Olympic torch relay comes to an end

Today the Olympic torch finishes up its journey with the lighting of the cauldron in the main stadium. Many worthy people have carried it on its journey, some of whom I have mentioned along the way. Some fellow patients slipped under the radar on this blog as their conditions were not mentioned online. But whatever the reasons for a torchbearer being nominated, it is always glorious to see such wonderful examples of our fellow humans doing good, and shining some light upon the world. (In the case of the torch, I guess that’s quite literally shining light, too)! They lift our hearts and make the world a more beautiful place.

One fellow patient who slipped under my radar was Nicola Blythe, who carried the torch in Carrickfergus in Northern Ireland on the 3rd June. (Yes, Nicola, you do not escape a mention, tee hee 😉 ) A lovely friend of Nicola’s told me of her inspirational qualities which led her to be nominated to be part of the Olympic proceedings. Volunteering as a co-ordinator to enable disabled individuals of all ages to get sailing, Nicola is a crucial and hard-working member of the team. So much so that the nomination came from the Honourary Secretary of Belfast Lough Sailability, which made me grin even more. Fantastic stuff from a fellow CRPS patient who first and foremost is themselves rather than a condition, and who also chooses to help others have some fabulous experiences. 😀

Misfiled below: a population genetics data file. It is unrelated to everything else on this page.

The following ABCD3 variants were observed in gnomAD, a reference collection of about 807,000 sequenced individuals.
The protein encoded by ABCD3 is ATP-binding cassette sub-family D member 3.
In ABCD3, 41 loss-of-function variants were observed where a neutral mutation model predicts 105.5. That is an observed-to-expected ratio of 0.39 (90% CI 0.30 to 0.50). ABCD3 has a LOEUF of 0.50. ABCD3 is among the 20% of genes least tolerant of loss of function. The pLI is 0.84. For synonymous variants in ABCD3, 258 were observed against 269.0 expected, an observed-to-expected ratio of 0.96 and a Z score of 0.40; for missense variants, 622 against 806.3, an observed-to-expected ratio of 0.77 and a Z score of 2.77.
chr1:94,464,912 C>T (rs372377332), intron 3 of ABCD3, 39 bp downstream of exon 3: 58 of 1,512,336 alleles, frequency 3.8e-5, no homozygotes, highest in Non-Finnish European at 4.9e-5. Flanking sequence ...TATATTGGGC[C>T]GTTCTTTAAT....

After all that relay jogging around the UK we await the opening ceremony with mixed excitement and intrigue. After all… countryside animals, fake rain clouds (in case it doesn’t actually rain), pseudo music festivals and a hoard of NHS nurses does sound rather intriguing!

Huge cheer to all of the torchbearers, I am glad that you got to participate and create some amazing memories. And also much love and big hugs to all of those out there who were not able to get involved, but who are shining lights in the world where ever you happen to be, xx

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2 thoughts on “Olympic torch relay comes to an end

  1. I’m a sailor… Learned in my early 20s, in an adventure so harrowing that I avoided the sport for 20 years. (It takes a lot to scare me off.) Then, after a few years of CRPS, getting tired of “I can’t”, I came across the Bay Area Association of Disabled Sailors, and learned – again – to sail, this time from a blind man. I wound up living on my own sailboat for six years, a form of constant, gentle physio which had a lot to do with my staying as well and strong as I did.

    I’m particularly glad you mentioned Nicole. She now has a special place in my heart, and if I ever get my dream of a sailing trip around Ireland, I will certainly pay her a visit 🙂

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